|Home | About | Journals | Submit | Contact Us | Français|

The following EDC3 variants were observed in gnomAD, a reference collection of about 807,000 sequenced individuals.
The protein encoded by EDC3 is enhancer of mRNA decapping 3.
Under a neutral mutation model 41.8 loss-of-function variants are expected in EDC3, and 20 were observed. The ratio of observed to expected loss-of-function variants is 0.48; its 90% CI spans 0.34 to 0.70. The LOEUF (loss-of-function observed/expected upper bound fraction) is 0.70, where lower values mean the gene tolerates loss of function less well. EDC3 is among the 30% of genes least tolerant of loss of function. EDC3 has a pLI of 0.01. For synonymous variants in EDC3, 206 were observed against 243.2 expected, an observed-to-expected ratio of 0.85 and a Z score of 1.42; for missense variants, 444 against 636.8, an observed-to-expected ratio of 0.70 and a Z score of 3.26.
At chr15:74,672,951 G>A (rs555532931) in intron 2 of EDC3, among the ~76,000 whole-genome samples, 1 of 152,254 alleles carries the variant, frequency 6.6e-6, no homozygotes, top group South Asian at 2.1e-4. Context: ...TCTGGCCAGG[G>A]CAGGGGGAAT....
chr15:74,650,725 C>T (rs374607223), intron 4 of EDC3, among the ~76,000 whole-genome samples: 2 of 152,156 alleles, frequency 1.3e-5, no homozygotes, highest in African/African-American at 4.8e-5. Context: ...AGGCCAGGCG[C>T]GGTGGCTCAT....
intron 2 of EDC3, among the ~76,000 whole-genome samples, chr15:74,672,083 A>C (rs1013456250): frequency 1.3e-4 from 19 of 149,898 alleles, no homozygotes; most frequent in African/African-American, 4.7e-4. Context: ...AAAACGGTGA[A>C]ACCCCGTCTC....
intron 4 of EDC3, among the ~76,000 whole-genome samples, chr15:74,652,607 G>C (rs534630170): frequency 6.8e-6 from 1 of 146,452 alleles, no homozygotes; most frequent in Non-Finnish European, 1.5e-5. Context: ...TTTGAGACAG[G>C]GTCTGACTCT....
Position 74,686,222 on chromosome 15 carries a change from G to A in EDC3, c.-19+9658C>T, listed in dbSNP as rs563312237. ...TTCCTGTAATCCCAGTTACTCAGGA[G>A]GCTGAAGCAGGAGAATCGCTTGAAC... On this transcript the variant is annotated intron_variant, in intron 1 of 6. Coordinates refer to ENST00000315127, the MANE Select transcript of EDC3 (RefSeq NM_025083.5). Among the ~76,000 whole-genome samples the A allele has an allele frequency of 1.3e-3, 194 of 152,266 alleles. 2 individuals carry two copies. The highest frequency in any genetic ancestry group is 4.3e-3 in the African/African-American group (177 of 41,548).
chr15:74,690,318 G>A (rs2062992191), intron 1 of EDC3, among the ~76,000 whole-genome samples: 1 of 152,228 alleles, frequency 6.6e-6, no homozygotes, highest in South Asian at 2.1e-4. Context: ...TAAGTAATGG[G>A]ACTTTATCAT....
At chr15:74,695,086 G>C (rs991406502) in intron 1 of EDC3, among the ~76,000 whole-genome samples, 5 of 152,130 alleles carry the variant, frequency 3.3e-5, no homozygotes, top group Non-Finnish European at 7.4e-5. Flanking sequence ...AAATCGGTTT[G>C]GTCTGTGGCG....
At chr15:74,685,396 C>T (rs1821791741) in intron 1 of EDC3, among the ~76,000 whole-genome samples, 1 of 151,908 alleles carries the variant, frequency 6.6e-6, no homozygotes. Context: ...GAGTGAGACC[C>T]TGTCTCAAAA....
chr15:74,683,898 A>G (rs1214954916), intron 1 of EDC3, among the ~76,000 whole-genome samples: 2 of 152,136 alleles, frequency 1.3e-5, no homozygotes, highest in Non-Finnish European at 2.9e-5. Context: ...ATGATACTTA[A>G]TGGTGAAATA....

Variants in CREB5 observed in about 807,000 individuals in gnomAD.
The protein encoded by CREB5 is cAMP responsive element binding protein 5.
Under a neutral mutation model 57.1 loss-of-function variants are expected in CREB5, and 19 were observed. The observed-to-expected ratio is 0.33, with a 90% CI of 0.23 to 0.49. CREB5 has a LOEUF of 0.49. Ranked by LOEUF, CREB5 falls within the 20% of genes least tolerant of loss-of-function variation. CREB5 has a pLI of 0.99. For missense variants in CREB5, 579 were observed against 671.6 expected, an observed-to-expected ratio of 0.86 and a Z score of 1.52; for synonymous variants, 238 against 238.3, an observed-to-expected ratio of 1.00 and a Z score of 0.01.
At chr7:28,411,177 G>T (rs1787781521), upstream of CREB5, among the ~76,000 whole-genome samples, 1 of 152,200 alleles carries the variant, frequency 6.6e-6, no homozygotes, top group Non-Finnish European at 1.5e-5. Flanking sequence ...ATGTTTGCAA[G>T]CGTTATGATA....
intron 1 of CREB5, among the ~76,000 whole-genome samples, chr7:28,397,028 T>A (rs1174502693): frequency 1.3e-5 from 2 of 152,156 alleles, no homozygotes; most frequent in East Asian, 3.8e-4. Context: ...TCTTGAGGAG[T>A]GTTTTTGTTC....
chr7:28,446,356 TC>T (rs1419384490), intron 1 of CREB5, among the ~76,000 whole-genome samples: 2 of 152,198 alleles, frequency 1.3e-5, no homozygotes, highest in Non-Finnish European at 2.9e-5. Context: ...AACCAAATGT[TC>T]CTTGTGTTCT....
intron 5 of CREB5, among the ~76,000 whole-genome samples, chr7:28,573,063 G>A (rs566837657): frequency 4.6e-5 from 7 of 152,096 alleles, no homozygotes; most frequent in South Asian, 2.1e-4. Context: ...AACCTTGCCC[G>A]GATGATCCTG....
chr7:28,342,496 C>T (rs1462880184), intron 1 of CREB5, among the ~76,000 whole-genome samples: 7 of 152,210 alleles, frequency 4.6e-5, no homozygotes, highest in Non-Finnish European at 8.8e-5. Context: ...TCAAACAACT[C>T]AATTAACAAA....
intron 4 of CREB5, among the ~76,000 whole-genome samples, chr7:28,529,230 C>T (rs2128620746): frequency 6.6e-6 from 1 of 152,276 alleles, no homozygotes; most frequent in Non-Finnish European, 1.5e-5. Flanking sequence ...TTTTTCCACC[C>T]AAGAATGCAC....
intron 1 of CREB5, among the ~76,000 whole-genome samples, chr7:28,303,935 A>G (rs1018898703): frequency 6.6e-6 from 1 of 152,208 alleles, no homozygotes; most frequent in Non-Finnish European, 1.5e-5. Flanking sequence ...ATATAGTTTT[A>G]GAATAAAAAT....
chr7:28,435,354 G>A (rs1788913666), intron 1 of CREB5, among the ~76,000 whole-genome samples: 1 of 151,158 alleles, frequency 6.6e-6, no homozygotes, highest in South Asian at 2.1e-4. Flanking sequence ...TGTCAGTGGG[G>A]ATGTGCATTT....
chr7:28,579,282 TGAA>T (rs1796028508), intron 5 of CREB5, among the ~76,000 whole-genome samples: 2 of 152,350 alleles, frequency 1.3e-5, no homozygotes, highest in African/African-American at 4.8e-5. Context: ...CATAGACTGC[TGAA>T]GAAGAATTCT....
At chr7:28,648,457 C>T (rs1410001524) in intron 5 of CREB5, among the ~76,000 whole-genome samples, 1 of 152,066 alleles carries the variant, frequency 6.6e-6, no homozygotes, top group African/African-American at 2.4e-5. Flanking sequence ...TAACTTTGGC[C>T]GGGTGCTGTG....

An agglutination assay was used to study cell cohesion in the myxobacterium Myxococcus xanthus. Vegetative cells agglutinated in the presence of the divalent cations Mg2+ and Ca2+. Agglutination was blocked by energy poisons that inhibit electron transport, uncouple oxidative phosphorylation, or inhibit the membrane-bound ATPase. However, energy was not required for the maintenance of cells in the multicellular aggregate. Cyanide, a strong inhibitor of agglutination, did not cause cells to dissociate from the aggregate even when shear forces were applied. While gliding motility was not necessary for agglutination, some gliding mutants exhibited aberrant agglutination that was generally correlated with cell behavior. Cells with an intact social motility system were cohesive and glided in large multicellular swarms. Cells with a mutation in their social motility system were 5- to 10-fold less cohesive and tended to glide as single cells. One group of social motility mutants, known as Dsp, did not agglutinate.